Not every team will hand the St. John’s 20+ turnovers and let the Red Storm run up and down the court.
What happens when the Johnnies have to make points against a set defense?
While Mercer was an entertaining thrill ride, four games for St. John’s have made it clear that half-court offense is a work in progress for Mike Anderson’s side.
The Johnnies have won three games. But against both New Hampshire and Vermont, the offense was exposed as a hardship for large chunks of the game, because against teams that can break through the first level of pressure, fast break offense is harder to come by.
The team has been dependent on Mustapha Heron and LJ Figueroa taking advantage of every available opportunity in the half court, attacking downhill, spotting up for threes, finishing in transition.
But in four games, the two of them have combined to shoot 30% inside the arc, 20/66. Figueroa, in particular, has also struggled around the rim, shooting 6/18 on layups and dunks.
When Heron and Figueroa are struggling to find the range on their drives, when they are bottled up going to the basket and do not get foul calls, the Red Storm have lacked effective counterpunches. When the two stars are slowed down, the team ends possessions with Julian Champagnie exploring his jumper or Nick Rutherford taking a three — both of which have not been efficient options in the early going.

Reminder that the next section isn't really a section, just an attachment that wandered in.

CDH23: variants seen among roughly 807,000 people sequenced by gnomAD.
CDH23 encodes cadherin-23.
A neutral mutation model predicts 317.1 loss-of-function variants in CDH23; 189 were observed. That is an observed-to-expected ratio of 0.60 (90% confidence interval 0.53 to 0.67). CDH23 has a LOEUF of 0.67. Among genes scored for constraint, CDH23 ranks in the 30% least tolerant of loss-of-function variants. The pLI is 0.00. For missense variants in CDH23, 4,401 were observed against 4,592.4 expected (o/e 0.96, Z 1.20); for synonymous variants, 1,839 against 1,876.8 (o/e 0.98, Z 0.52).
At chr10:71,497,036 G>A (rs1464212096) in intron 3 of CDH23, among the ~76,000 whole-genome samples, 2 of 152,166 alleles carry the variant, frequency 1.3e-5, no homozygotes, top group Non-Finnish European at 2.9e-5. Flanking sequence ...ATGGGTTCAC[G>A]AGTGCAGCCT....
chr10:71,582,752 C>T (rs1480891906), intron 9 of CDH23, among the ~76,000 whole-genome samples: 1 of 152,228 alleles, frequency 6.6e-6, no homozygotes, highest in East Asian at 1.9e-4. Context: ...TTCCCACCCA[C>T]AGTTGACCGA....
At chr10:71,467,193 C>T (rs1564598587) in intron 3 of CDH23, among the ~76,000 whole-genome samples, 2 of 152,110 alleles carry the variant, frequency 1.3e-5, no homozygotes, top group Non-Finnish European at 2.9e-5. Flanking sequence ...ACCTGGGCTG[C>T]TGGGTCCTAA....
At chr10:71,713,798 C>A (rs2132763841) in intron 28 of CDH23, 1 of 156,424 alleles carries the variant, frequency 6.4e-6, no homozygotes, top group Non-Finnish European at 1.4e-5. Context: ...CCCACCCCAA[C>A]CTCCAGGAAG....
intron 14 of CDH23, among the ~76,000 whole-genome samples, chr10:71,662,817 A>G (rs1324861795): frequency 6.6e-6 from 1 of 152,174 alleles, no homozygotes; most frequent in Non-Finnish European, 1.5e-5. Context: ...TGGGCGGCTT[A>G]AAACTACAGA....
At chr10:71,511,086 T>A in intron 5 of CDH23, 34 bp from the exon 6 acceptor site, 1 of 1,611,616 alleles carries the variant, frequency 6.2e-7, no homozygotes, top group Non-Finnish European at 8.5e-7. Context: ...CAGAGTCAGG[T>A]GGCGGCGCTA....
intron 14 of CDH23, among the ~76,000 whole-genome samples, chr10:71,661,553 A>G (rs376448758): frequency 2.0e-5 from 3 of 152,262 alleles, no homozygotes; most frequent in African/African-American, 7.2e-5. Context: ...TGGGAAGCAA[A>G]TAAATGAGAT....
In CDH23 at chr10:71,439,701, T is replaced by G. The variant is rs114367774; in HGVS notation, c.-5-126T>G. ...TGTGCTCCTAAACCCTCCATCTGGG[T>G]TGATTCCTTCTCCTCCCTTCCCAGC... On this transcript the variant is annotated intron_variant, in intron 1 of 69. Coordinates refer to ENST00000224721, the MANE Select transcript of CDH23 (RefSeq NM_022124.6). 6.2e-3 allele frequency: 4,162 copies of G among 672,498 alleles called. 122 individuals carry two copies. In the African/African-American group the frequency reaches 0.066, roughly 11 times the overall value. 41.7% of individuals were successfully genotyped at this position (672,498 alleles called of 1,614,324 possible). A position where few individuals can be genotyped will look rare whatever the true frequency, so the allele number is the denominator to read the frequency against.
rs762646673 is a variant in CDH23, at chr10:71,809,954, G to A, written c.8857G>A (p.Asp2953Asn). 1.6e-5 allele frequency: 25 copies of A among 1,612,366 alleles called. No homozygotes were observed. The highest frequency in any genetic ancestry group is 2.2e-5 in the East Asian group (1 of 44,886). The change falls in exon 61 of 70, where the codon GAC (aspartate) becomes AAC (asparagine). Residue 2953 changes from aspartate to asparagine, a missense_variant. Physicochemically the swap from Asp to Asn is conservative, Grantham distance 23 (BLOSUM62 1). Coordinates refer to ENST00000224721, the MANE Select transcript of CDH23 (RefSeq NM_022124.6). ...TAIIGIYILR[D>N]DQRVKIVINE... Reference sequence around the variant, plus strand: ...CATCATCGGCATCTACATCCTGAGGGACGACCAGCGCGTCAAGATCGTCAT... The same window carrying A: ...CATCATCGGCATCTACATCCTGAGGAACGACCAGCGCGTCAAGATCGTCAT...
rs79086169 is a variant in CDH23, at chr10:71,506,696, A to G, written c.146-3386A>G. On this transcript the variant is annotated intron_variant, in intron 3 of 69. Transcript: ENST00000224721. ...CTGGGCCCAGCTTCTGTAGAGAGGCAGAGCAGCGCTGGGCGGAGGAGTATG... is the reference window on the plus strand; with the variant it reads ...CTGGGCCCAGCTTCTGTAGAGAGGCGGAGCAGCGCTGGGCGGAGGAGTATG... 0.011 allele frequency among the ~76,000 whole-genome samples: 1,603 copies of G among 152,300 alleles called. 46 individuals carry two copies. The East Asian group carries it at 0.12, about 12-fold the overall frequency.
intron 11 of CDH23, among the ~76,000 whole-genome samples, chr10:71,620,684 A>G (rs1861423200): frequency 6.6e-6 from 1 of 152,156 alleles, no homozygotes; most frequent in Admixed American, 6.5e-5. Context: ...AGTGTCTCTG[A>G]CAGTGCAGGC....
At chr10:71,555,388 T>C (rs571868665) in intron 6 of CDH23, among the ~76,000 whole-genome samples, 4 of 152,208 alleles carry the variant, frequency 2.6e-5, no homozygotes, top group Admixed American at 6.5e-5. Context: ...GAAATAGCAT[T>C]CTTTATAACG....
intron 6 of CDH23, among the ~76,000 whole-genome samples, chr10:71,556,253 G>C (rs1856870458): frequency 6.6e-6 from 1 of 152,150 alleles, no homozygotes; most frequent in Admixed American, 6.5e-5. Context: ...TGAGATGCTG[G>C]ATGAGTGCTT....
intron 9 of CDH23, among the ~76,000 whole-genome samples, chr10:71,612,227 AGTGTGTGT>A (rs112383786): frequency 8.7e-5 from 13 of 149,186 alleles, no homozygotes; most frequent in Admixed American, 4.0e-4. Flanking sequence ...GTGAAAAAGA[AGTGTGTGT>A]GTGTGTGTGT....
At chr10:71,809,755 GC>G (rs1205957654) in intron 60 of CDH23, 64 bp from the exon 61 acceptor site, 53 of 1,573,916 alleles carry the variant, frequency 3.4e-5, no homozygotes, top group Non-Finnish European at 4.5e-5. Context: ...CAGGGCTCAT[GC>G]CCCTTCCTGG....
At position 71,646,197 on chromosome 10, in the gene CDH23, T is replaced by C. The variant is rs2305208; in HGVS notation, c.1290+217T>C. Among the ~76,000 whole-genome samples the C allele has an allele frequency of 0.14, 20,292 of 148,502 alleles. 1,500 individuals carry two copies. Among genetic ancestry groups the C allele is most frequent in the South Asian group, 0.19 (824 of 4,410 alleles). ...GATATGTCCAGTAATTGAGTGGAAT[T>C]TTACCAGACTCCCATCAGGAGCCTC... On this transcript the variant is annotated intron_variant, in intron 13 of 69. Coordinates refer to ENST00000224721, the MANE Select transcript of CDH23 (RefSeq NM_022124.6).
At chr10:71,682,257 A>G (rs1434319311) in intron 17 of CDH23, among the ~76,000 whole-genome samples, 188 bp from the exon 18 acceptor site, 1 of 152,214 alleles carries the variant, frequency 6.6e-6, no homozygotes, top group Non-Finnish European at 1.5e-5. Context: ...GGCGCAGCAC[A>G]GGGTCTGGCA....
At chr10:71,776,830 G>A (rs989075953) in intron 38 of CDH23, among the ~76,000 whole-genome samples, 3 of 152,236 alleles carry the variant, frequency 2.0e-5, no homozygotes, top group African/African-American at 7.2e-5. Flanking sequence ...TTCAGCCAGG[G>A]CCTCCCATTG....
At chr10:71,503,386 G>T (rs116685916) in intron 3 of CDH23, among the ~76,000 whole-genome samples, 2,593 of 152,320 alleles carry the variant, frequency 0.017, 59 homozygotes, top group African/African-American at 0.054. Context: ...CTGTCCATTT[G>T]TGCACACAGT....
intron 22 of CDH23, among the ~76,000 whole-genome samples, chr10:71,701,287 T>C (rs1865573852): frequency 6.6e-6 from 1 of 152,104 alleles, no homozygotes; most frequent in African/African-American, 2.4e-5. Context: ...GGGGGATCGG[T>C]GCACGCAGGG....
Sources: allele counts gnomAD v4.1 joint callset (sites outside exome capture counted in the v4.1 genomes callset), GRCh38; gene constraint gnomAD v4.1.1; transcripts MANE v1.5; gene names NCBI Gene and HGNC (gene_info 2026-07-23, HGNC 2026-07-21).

Raw talent has its limits. So does the offensive rebounding and protecting the ball well, both which have helped the Johnnies’ offense.
In the words of Mike Anderson before the Vermont game, “you’ve got to have people who can break down people and be able to create.”
Where is that creativity going to come from in what has been a perimeter-based offense? The hope is for Rasheem Dunn to add another scoring element to the team, but others — David Caraher and Greg Williams Jr. — will need to add to the attack.
After the last game, Mike Anderson noted the missed opportunities; despite the half-court struggles, the team was close to slipping away with a W. The team does enough on defense to stay competitive, even if the offensive scheme is struggling to be executed.
“I thought we shot ourselves in the foot between the free throw line and turning the ball over,” Anderson said. “You can’t do that. You can’t do that.”